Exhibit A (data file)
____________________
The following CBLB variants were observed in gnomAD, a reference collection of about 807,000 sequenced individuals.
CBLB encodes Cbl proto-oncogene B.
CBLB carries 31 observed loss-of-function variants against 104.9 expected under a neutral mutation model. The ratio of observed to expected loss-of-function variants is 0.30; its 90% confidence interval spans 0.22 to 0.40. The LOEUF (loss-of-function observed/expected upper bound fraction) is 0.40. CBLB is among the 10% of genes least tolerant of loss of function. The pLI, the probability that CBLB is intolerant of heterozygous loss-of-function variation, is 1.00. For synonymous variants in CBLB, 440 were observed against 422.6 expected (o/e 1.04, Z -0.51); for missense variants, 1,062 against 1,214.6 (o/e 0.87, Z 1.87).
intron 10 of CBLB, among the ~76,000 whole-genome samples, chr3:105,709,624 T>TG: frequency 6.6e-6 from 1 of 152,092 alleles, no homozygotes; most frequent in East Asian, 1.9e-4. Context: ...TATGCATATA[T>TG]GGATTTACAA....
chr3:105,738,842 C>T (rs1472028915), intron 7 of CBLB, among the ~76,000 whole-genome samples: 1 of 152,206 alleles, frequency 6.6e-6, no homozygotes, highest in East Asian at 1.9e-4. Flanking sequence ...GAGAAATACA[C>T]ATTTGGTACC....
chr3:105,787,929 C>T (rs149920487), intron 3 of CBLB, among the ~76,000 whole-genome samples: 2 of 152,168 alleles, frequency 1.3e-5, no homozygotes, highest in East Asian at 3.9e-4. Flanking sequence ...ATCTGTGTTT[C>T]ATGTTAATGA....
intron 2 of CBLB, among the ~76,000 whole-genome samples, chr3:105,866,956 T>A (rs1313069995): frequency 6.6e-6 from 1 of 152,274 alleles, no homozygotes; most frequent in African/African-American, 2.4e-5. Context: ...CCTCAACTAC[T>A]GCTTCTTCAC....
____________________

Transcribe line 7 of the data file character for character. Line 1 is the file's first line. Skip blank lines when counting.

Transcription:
intron 2 of CBLB, among the ~76,000 whole-genome samples, chr3:105,866,956 T>A (rs1313069995): frequency 6.6e-6 from 1 of 152,274 alleles, no homozygotes; most frequent in African/African-American, 2.4e-5. Context: ...CCTCAACTAC[T>A]GCTTCTTCAC....